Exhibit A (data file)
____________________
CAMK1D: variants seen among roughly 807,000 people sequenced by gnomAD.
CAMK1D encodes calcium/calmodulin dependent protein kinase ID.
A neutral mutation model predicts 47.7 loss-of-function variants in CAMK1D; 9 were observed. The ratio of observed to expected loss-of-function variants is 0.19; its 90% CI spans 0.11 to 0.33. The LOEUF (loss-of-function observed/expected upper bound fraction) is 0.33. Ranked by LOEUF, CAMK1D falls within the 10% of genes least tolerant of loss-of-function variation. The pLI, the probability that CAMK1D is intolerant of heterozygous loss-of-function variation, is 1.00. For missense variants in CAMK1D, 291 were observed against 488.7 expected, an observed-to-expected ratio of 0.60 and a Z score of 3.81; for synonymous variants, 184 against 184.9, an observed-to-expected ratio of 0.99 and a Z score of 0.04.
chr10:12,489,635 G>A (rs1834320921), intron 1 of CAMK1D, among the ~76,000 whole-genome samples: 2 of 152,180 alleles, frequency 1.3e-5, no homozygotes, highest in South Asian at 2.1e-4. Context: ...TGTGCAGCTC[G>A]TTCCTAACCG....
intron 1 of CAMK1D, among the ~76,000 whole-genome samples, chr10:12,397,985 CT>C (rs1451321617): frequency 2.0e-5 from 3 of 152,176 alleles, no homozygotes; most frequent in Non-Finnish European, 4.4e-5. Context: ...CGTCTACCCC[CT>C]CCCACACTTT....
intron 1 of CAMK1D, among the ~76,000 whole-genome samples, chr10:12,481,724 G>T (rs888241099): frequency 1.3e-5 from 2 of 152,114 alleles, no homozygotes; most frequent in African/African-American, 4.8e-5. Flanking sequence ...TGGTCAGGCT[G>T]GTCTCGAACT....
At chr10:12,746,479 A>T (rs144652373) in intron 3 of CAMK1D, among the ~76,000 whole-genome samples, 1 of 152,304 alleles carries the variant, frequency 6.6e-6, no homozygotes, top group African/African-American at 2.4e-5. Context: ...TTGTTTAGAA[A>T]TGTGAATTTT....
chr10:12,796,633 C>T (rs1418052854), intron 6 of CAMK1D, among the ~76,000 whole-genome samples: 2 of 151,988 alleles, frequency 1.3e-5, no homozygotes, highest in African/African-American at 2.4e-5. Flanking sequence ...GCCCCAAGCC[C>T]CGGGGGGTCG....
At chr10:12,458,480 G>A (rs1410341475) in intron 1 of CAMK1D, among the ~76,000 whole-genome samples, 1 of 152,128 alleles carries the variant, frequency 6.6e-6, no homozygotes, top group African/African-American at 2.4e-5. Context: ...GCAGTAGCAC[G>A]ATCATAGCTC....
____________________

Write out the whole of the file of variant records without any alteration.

CAMK1D: variants seen among roughly 807,000 people sequenced by gnomAD.
CAMK1D encodes calcium/calmodulin dependent protein kinase ID.
A neutral mutation model predicts 47.7 loss-of-function variants in CAMK1D; 9 were observed. The ratio of observed to expected loss-of-function variants is 0.19; its 90% CI spans 0.11 to 0.33. The LOEUF (loss-of-function observed/expected upper bound fraction) is 0.33. Ranked by LOEUF, CAMK1D falls within the 10% of genes least tolerant of loss-of-function variation. The pLI, the probability that CAMK1D is intolerant of heterozygous loss-of-function variation, is 1.00. For missense variants in CAMK1D, 291 were observed against 488.7 expected, an observed-to-expected ratio of 0.60 and a Z score of 3.81; for synonymous variants, 184 against 184.9, an observed-to-expected ratio of 0.99 and a Z score of 0.04.
chr10:12,489,635 G>A (rs1834320921), intron 1 of CAMK1D, among the ~76,000 whole-genome samples: 2 of 152,180 alleles, frequency 1.3e-5, no homozygotes, highest in South Asian at 2.1e-4. Context: ...TGTGCAGCTC[G>A]TTCCTAACCG....
intron 1 of CAMK1D, among the ~76,000 whole-genome samples, chr10:12,397,985 CT>C (rs1451321617): frequency 2.0e-5 from 3 of 152,176 alleles, no homozygotes; most frequent in Non-Finnish European, 4.4e-5. Context: ...CGTCTACCCC[CT>C]CCCACACTTT....
intron 1 of CAMK1D, among the ~76,000 whole-genome samples, chr10:12,481,724 G>T (rs888241099): frequency 1.3e-5 from 2 of 152,114 alleles, no homozygotes; most frequent in African/African-American, 4.8e-5. Flanking sequence ...TGGTCAGGCT[G>T]GTCTCGAACT....
At chr10:12,746,479 A>T (rs144652373) in intron 3 of CAMK1D, among the ~76,000 whole-genome samples, 1 of 152,304 alleles carries the variant, frequency 6.6e-6, no homozygotes, top group African/African-American at 2.4e-5. Context: ...TTGTTTAGAA[A>T]TGTGAATTTT....
chr10:12,796,633 C>T (rs1418052854), intron 6 of CAMK1D, among the ~76,000 whole-genome samples: 2 of 151,988 alleles, frequency 1.3e-5, no homozygotes, highest in African/African-American at 2.4e-5. Flanking sequence ...GCCCCAAGCC[C>T]CGGGGGGTCG....
At chr10:12,458,480 G>A (rs1410341475) in intron 1 of CAMK1D, among the ~76,000 whole-genome samples, 1 of 152,128 alleles carries the variant, frequency 6.6e-6, no homozygotes, top group African/African-American at 2.4e-5. Context: ...GCAGTAGCAC[G>A]ATCATAGCTC....